The June edition of Iowa Public Radio’s Iowa Arts Showcase kicks off with Ted Swetz and Jody Hovland discussing Riverside Theatre’s upcoming productions of Hamlet and The School for Scandal at Riverside Theatre in the Park. Hovland is the artistic director and one of the original three founders of RiversideTheatre. Swetz, a Professor of Theater at the University of Missouri-Kansas City and past theatrical director at Riverside, is returning this year to direct The School for Scandal.
Tenor superstar Matthew Polenzani portrays the smitten poet Werther in the Lyric Opera of Chicago's production of Massenet's opera, based on the Goethe novel that rocked Europe. Sophie Koch stars as the unfortunate object of his affection, Charlotte.
Today is the 200th birthday of Richard Wagner. Performance Today at 5 will be almost all Wagner; Barney Sherman from 1-5 will play just a little of his music, but will also feature music by composers who respond, in some way, to or against Wagner: Debussy (a recording of him playing his own "Children's Corner"), Faure, John Adams, Leonard Bernstein, and a movement by Bruckner. We'll also sample a new recording of one of the works that most influenced Wagner, Beethoven's 9th. (And for more, Bill McGlaughlin continues his week-long series on Wagner at 9 PM.)
What do we make of the complex legacy of Richard Wagner on the 200th anniversary of his birth, Wednesday? Both Performance Today with Fred Child (5-7 PM) and Exploring Music with Bill McGlaughlin (9-10 PM) are exploring the question this week with fascinating results. Tune in tonight to PT, for example, to hear Gabriel Faure's "Souvenirs of Bayreuth" - a cheeky quadrille on themes from the Ring Cycle - as well as Wagner in concert by leading performers (among those on PT this week are Bryn Terfel, Deborah Voigt, Sir Simon Rattle, and Esa-Pekka Salonen).
"The Heavens Laugh, the Earth Rejoices" is the title of a Bach cantata and of the Waterloo-Cedar Falls Symphony's concert of Easter-related Bach, which you can hear tonight at 7 PM. The Brandenburg Concerto no. 1 is preceded by sinfonias from several cantatas (including "The Heavens Laugh, the Earth Rejoices" BWV 31) and the Easter Oratorio, and by the entirety of the beautiful Cantata 104, "Hear, O Shepherd of Israel" (with the University of Northern Iowa Cantorei and soloists Jeffrey Brich and John Hines). Music Director Jason Weinberger conducts.
Tune in today at 12 noon for the season's first broadcast from the Lyric Opera of Chicago, featuring Verdi's Simon Boccanegra - "essentially a heartwarming story about a compassionate political leader... who is reunited with his lost daughter...and makes peace with two political enemies" (as the New York Times summarizes the plot). The renowned American baritone Thomas Hampson heads the stellar cast.
Tune in Thursday at 7 PM as Masaaki Suzuki - one of the world's most renowned Bach interpreters - kicks off the New York Philharmonic's month-long Bach Festival. The Japanese keyboardist/conductor, one of the few recipients of the Royal College of Music's "Bach Prize," has been recording the complete sacred vocal works, keyboard works, and orchestral works for the prestigious BIS label, to great acclaim. Hear him conduct Bach's Magnificat and motet "Sing to the Lord a New Song" (as well as Felix Mendelssohn's Magnificat and Christus).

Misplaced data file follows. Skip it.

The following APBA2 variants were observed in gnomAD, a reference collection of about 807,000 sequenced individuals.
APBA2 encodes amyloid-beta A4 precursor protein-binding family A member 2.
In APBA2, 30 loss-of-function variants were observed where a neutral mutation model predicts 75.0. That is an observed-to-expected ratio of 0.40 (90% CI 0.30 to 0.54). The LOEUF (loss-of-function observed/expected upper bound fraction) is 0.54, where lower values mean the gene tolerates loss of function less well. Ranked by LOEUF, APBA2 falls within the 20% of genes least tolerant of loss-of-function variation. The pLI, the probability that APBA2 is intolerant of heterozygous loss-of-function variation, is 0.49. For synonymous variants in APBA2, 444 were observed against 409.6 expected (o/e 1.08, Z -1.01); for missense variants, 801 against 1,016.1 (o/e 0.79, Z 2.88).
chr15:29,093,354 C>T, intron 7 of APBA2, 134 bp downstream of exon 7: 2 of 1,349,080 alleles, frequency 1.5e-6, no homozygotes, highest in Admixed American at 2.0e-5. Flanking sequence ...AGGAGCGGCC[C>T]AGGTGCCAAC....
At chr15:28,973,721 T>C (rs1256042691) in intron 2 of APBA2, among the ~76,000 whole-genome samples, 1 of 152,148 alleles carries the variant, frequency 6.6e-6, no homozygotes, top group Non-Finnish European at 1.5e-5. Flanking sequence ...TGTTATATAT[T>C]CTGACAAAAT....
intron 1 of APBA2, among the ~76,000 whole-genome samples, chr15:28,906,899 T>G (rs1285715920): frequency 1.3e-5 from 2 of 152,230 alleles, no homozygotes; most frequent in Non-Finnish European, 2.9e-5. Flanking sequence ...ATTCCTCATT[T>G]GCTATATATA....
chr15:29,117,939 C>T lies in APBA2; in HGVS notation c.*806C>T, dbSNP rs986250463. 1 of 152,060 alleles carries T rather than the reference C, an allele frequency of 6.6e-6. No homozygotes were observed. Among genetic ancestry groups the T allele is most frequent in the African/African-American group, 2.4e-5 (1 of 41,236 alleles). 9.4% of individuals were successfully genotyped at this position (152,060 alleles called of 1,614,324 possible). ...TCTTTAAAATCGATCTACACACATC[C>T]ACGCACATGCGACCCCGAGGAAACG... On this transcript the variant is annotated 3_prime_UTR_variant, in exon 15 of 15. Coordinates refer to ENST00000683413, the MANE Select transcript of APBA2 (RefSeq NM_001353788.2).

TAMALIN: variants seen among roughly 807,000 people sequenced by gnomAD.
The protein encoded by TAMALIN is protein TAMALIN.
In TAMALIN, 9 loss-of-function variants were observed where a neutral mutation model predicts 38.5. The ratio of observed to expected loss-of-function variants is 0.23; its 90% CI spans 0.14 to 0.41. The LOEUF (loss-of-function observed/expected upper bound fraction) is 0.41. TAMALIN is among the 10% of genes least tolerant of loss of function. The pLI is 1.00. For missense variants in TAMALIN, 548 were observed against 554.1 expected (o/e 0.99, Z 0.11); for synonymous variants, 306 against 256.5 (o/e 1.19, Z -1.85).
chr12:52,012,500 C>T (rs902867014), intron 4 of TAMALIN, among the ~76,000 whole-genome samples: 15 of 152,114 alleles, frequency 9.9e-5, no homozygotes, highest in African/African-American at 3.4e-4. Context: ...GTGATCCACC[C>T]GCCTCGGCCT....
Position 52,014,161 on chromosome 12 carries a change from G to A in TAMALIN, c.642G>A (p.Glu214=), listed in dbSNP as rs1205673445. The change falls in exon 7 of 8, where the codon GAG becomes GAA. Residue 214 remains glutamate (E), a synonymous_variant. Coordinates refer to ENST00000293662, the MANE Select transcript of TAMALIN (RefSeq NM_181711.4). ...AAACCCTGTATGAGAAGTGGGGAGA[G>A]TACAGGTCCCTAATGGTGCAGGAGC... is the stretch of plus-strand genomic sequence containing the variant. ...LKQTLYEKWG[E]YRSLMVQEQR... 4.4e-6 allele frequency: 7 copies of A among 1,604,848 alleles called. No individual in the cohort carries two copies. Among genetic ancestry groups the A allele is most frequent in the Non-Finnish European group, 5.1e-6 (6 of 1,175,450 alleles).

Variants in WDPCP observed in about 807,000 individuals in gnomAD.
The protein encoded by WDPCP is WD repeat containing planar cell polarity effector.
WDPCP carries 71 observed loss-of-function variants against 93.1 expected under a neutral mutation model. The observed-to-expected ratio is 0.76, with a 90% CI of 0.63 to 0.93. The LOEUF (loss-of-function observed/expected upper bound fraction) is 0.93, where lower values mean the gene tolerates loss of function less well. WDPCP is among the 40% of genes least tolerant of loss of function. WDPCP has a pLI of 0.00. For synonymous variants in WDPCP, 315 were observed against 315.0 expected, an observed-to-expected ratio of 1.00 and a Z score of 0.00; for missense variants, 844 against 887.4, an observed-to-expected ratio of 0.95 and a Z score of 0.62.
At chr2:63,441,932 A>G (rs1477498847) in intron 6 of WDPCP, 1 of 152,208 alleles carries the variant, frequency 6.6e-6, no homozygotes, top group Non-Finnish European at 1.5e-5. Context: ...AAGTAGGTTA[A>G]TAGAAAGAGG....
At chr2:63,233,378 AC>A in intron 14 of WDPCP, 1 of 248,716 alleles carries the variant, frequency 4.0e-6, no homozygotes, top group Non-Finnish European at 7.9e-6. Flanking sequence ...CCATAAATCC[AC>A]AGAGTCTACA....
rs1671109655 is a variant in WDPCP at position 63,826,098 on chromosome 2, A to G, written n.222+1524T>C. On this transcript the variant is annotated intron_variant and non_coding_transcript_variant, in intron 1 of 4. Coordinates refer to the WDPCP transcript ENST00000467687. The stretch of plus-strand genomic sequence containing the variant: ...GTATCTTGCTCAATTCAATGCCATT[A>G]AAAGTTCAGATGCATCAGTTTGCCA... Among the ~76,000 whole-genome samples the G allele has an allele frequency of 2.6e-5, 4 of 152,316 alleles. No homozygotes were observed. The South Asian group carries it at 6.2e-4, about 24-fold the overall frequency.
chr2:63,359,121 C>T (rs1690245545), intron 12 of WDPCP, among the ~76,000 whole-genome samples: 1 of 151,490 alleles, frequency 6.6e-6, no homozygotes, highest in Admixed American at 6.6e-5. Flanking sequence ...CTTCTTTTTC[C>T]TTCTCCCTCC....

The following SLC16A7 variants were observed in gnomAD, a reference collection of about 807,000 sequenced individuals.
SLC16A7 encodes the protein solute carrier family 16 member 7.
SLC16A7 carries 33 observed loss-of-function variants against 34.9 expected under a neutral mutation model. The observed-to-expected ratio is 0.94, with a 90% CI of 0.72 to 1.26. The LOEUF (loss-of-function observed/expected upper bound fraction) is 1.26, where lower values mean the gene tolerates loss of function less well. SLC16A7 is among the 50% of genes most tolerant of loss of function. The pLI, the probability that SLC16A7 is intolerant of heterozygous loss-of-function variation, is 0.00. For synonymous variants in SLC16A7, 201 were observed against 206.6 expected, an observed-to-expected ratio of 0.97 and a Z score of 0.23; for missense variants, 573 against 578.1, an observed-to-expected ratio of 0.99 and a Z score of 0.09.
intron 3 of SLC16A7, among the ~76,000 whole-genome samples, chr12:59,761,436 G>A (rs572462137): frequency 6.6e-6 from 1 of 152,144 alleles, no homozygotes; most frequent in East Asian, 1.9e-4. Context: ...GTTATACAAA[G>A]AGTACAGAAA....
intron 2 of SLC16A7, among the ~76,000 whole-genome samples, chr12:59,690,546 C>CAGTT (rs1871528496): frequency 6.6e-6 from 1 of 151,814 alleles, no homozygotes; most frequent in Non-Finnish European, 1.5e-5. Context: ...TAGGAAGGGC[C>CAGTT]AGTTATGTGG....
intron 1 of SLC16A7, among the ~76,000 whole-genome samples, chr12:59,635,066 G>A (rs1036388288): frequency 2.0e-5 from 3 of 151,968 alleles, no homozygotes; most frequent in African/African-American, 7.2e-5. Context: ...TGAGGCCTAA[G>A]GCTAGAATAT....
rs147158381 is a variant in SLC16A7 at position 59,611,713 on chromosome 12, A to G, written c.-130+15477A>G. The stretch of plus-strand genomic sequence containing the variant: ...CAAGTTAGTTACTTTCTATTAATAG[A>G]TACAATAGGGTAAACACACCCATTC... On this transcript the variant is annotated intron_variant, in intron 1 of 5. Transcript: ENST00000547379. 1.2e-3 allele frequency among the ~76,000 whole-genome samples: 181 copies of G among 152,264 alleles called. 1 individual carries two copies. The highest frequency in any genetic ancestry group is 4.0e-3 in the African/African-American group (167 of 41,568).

Join Barney Sherman Tuesday afternoon to hear a strong candidate for "most-inspired recording ever of Schubert's last symphony." Also on the show is a major new recording of Beethoven's "Moonlight" Sonata and a Trio Sonata by .... it's complicated, but you can hear it at 1 PM.
Join us Monday at 7 PM as the Des Moines Symphony Orchestra, led by music director Joseph Giunta, performs Tchaikovsky's Fourth Symphony. Before the performance is a presentation from the "Beyond the Score" series (co-sponsored with the Chicago Symphony Orchestra) taking us into the rich sources of this masterpiece, from Beethoven to ballet to Russian folk song. (you can sample it at:
Wagner's mighty "Ring" Cycle reaches its finale with "The Twilight of the Gods," broadcast live on IPR starting at 10 AM Saturday. Deborah Voigt is Brünnhilde - "a role she has made her own," according to the New York Times, which also praised conductor Fabio Luisi, for drawing "a muscular, passionate, but never hurried performance from the orchestra."
The Act II finale from La Clemenza di Tito. Sarah Fisk as Vitellia (kneeling); behind her, Lisa Neher as Annio and Allison Crain as Servilia; at center is Brian Dykes as Publio; and Quiliano Anderson on platform as Tito.
On the May edition of Iowa Public Radio’s Iowa Arts Showcase, we will hear from Laura Johnson on the University of Iowa Opera Theatre’s production of Mozart’s La Clemenza di Tito. Johnson is a visiting professor to the university and the guest director to the ensemble. The performance took place at the Englert Theatre in Iowa City on May 2, 3, 4, and 5.
Hear great piano playing from Emanuel Ax today on IPR. This afternoon, Barney Sherman broadcasts Ax's powerful new recording of Beethoven's "Eroica Variations," and tonight the New York Philharmonic (where Ax is artist-in-residence) features him in Mozart's Piano Concerto no. 25, a work that was a major inspiration for Beethoven. Ax, a Polish-born American, is best known as recital partner of Yo-Yo Ma, but if you haven't heard his solo work lately you are in for a treat.